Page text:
So, the fund framed the possible solutions in terms of a choice: Either create a minimum tax rate within the existing system or redesign the entire architecture of international tax. This is where the debate gets controversial.

The destination principle

One option on the table is the destination-based cash flow tax (DBCFT) that would apply to goods and services produced overseas but purchased domestically. The proposal has been compared to a form of import tariff and VAT.

The Republican Party once vaunted the DBCFT as the best way to reform the US corporate tax system. The party dropped the proposal as it rushed to  finalise  its tax bill, though the Trump tax cuts came with a border adjustment tax built into its provisions. The plan was to drop the worldwide tax system.

“Since the idea was briefly raised to prominence in Trump’s US tax reform debate, it has been savaged for reasons of practicality as well as the likely impact in exacerbating inequalities both within and between countries,” Cobham said.

However, the US has not moved away from a worldwide system to a strict territorial model like the rest of the world. In the past, this has pushed American businesses to find ever-more-creative ways to shift income out of the country.

“Historically, if you had an Irish subsidiary and you sold goods and services in other EU countries the profits would be booked in Ireland,” one tax director at a US software company told TP Week. “That’s just because the contracting and licensing went through the Irish subsidiary.”

This is how tech companies like Microsoft have managed to pay a rate of tax below the US headline rate. Yet the problem of location is much older than the digital tax debate. The high-tech sector just magnified an old problem in international tax.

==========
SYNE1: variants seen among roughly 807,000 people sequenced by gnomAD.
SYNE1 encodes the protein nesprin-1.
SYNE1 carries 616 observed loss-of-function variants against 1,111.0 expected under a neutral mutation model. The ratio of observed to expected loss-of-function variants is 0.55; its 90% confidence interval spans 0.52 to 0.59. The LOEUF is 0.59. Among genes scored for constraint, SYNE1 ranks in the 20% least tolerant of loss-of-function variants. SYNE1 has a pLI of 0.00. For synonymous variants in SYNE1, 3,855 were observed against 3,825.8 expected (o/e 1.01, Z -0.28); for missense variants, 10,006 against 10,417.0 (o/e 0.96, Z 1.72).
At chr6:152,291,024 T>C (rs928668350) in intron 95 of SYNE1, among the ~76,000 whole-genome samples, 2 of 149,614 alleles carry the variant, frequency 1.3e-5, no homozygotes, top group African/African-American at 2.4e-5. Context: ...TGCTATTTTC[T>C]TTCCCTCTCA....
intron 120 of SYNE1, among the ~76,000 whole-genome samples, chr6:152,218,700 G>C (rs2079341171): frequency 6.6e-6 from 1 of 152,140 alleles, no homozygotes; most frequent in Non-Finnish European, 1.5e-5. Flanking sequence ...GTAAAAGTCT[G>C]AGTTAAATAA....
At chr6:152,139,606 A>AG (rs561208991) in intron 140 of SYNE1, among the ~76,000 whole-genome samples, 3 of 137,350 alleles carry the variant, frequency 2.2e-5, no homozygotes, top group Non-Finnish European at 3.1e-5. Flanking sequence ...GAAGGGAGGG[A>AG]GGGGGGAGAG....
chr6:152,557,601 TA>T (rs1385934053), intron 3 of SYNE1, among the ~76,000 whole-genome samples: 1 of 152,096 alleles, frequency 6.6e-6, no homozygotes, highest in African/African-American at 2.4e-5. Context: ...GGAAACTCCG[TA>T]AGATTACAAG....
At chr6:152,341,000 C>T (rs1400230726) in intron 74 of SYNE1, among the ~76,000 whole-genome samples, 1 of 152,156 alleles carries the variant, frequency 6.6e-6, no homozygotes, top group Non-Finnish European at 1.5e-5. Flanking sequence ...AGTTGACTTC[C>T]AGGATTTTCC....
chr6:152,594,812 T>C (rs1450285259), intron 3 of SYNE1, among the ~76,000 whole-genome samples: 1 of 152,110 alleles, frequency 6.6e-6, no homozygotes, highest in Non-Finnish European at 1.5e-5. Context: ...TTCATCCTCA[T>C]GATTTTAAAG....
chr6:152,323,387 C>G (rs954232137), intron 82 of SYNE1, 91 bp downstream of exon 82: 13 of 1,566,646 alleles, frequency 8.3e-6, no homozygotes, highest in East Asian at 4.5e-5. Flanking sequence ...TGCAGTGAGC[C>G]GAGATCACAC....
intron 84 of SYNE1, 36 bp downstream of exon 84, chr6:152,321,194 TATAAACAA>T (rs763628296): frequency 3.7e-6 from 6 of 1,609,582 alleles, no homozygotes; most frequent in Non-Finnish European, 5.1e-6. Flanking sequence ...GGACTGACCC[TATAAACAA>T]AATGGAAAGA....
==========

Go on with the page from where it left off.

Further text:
Michael Devereux, director of Oxford University’s Centre for Business Taxation, came up with the proposal in 2002 to resolve the problem of location.

“The existing system affects real business decisions about where to locate operations and financial decisions about assets,” Devereux said. “The DBCFT would be neutral to those decisions. It would treat debt differently to equity.”

“It would also be neutral on location because it would tax profits wherever the customer is and the customer is immobile,” the professor added. “Consumers are not going to move just to save Procter & Gamble taxes.”

There are some issues with the interpretation of the proposal. Customers and users are not always the same, for instance, nor are they necessarily in the same place. It’s quite straightforward in the case of Netflix, where users are customers and the location is the same. It gets more complicated when it comes to Google adverts.